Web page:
Creative Optic

Illustration by Jiří Slíva

 
 

First row: А. П. Че́хов (Anton Chekhov); J.R.R. Tolkien; Franz Kafka; Betty MacDonald (misspelled McDonald)

Second row: Jack Kerouac; Marcel Proust; Antoine de Saint-Exupéry; R. Kipling

Third row: Marcel Duchamp; Stendhal; Karl May; Karl Marx

Fourth row: Magritte; S. Freud; Louis Pasteur; Günter Grass

Fifth row: Salvador Dalí; E.M. Remarque; Jaroslav Hašek; Isaac B. Singer

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Acquaintances and Literary Influences

“I never wish to be easily defined. I’d rather float over other people’s minds as something strictly fluid and non-perceivable; more like a transparent, paradoxically iridescent creature rather than an actual person.”

Franz Kafka

 
 

 
 

A Friend of Kafka, a collection of Yiddish writer Isaac Bashevis Singer’s short stories, was published in 1970 with most of the stories appearing in the previous decade. He and his readers had plenty of time to dwell on the growing feeling of alienation that came from decades of broken promises. One of the most powerful themes in these stories is the exhausting banality of life and a total feeling of rootless isolation.

The plot of A Friend of Kafka is about a bohemian amateur philosophy and former actor, Jaques Kohn, who spent his life pursuing women, drinking and otherwise living the hedonist lifestyle that his life philosophy demanded. He was an intriguing figure for the narrator who saw in him glimpses of Western Europe. “The very way he carried his silver-handled cane seemed exotic to me. He even smoked his cigarettes differently from the way we did in Warsaw.”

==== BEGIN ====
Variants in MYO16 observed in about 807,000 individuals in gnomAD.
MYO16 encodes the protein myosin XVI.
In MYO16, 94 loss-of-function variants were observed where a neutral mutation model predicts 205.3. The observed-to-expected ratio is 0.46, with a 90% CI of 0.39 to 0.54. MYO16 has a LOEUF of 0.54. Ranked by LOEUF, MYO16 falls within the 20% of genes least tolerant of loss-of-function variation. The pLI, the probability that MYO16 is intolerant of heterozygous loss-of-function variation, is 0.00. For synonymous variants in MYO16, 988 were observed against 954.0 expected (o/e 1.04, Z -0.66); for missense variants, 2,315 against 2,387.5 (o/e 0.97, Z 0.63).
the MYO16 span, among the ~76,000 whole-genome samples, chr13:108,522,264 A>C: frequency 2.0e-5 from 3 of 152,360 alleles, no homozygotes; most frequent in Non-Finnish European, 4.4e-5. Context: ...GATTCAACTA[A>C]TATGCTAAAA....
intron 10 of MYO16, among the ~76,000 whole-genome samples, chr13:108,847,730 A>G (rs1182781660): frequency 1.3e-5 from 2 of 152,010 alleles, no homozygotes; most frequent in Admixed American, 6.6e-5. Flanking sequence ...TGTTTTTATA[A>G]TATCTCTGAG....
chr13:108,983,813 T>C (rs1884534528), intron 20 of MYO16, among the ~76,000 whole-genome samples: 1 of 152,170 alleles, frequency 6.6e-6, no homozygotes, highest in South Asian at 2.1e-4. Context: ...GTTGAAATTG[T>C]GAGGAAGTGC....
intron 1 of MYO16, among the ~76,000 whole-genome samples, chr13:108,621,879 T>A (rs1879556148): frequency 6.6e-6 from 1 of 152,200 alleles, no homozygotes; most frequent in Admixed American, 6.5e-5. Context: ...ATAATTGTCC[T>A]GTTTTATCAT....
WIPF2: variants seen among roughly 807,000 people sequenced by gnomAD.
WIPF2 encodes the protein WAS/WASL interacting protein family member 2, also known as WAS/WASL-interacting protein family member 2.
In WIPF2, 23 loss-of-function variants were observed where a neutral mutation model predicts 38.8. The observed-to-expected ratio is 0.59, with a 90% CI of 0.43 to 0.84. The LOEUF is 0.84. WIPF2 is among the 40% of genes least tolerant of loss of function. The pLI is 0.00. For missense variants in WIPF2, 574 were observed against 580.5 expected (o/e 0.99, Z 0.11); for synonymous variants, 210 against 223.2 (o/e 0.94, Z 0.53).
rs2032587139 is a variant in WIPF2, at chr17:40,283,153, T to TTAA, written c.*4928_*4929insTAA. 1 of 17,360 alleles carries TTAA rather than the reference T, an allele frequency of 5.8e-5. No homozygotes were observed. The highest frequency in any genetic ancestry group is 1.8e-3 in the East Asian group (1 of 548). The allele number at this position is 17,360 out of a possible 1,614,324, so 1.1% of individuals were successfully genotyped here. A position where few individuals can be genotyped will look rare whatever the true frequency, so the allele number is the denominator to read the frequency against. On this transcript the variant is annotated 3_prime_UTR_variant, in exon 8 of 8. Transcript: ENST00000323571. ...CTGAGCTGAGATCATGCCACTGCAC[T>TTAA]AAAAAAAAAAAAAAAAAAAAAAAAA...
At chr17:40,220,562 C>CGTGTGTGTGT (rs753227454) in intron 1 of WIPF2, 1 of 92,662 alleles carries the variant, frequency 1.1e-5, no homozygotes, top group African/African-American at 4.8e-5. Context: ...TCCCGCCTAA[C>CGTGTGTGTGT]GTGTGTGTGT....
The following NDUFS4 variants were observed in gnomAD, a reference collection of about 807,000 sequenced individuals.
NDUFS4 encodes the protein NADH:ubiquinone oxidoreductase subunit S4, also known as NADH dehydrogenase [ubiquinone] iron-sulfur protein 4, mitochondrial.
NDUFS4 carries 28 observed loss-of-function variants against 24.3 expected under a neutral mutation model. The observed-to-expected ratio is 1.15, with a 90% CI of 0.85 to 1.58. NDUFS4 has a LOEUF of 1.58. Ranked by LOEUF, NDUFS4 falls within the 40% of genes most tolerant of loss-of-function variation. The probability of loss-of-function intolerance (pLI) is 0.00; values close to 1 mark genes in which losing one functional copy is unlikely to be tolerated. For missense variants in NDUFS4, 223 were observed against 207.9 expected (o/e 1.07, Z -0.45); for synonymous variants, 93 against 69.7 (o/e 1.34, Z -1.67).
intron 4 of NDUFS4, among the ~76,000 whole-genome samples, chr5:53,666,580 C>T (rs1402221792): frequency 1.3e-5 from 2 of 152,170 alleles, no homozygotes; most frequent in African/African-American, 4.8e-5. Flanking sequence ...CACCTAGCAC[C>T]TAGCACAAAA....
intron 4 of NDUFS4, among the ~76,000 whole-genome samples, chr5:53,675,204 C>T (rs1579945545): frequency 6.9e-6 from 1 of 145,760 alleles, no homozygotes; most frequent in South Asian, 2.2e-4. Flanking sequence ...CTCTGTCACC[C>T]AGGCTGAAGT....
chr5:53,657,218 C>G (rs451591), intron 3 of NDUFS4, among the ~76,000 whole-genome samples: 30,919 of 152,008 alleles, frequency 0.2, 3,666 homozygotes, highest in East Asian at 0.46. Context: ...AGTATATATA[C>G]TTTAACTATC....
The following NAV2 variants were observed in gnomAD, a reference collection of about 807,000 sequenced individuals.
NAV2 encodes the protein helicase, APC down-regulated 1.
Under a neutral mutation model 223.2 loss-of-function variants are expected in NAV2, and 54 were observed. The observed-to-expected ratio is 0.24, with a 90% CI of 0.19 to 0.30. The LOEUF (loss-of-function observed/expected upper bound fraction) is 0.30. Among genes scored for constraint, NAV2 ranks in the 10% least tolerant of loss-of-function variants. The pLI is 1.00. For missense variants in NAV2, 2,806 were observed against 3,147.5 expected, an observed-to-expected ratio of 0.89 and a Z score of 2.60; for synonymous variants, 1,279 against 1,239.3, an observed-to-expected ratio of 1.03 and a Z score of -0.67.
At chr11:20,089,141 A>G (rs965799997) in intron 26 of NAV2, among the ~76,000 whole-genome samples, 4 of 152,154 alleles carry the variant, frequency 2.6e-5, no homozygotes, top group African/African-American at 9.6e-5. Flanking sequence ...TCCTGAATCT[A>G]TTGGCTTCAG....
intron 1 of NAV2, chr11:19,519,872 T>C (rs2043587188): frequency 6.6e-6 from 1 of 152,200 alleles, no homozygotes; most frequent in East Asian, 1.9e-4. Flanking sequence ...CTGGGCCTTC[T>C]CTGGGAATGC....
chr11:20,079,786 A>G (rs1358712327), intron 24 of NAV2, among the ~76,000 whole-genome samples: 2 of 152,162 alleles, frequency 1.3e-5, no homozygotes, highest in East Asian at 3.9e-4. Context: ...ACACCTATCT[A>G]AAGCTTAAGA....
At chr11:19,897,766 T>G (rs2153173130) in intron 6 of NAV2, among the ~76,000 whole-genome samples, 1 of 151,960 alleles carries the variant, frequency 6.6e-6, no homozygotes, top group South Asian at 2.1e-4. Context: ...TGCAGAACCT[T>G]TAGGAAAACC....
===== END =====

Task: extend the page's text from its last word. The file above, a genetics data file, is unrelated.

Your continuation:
Supposedly, Kohn was the first to recognize Franz Kafka’s talent, and he has corresponded with other important figures: Marc Chagall, Stefan Zweig, and Martin Buber. As the narrator’s cultural guide, Kohn shows him his letters and photographs, and he even arranges for him to meet Madam Tschissik, with whom Kohn performed and whom Kafka allegedly loved.

Kohn likes to tell a story about Kafka’s failure in a brothel. His sexual reservations are the same as the reservations he had about writing. Kohn is obsessed with the idea that he is playing a game of chess with fate. “My partner wants to play a slow game. He’ll go on taking my pieces one by one. First he removed my appeal as an actor and turned me into a so-called writer. He’d no sooner done that than he provided me with writer’s cramps. His next move was to deprive me of my potency.” In short, while he finds something invigorating about the struggle, he is slowly dying. His stories of his acting career and his knowledge of Kafka are all that keeps him from total fatalism. Many if the characters in this collection are involved in same sort of slow death. No longer capable of a projectural life, they limp along, trying to find meaning in banalities, religious, hedonism, of their own delusions.

Isaac Bashevis Singer had many literary influences; besides the religious texts he studied, he grew up with a rich array of Jewish folktales and worldly Yiddish detective-stories about “Max Spitzkopf” and his assistant Fuchs. He read Russian, including Fyodor Dostoyevsky‘s Crime and Punishment at the age of fourteen. He wrote in memoirs about the importance of the Yiddish translations donated in book-crates from America, which he studied as a teenager in Bilgoraj: “I read everything: Stories, novels, plays, essays… I read Avrom Reyzen,Johan August Strindberg, Don Kaplanowitsch, Ivan Sergeyevich Turgenev, Lev Tolstoy, Guy de Maupassant and Anton Chekhov.” He studied many philosophers, among them Baruch Spinoza, Arthur Schopenhauer, and Otto Weininger. Among his Yiddish contemporaries, Singer considered his older brother to be his greatest artistic example; he was also life-long friend and admirer of the author and poet Aaron Zeitlin. Singer had translated Thomas Mann‘s Der Zauberberg (The Magic Mountain) into Yiddish as a young writer.